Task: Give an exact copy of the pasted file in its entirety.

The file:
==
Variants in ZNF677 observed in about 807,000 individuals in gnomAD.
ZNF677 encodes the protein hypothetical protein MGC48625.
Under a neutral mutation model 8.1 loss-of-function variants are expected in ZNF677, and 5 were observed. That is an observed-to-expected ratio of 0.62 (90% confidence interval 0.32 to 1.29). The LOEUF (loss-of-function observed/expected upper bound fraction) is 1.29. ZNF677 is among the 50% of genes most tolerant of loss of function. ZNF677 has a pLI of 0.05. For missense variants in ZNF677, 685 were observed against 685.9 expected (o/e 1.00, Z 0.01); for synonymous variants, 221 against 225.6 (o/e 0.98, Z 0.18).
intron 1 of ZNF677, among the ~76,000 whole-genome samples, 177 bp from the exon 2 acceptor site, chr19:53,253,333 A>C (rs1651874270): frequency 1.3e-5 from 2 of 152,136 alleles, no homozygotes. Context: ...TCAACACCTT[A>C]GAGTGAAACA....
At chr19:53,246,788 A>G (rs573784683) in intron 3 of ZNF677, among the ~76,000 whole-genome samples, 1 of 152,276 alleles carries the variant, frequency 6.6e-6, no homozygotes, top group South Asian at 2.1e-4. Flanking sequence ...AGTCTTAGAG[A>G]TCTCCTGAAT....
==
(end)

Variants in ZNF677 observed in about 807,000 individuals in gnomAD.
ZNF677 encodes the protein hypothetical protein MGC48625.
Under a neutral mutation model 8.1 loss-of-function variants are expected in ZNF677, and 5 were observed. That is an observed-to-expected ratio of 0.62 (90% confidence interval 0.32 to 1.29). The LOEUF (loss-of-function observed/expected upper bound fraction) is 1.29. ZNF677 is among the 50% of genes most tolerant of loss of function. ZNF677 has a pLI of 0.05. For missense variants in ZNF677, 685 were observed against 685.9 expected (o/e 1.00, Z 0.01); for synonymous variants, 221 against 225.6 (o/e 0.98, Z 0.18).
intron 1 of ZNF677, among the ~76,000 whole-genome samples, 177 bp from the exon 2 acceptor site, chr19:53,253,333 A>C (rs1651874270): frequency 1.3e-5 from 2 of 152,136 alleles, no homozygotes. Context: ...TCAACACCTT[A>C]GAGTGAAACA....
At chr19:53,246,788 A>G (rs573784683) in intron 3 of ZNF677, among the ~76,000 whole-genome samples, 1 of 152,276 alleles carries the variant, frequency 6.6e-6, no homozygotes, top group South Asian at 2.1e-4. Flanking sequence ...AGTCTTAGAG[A>G]TCTCCTGAAT....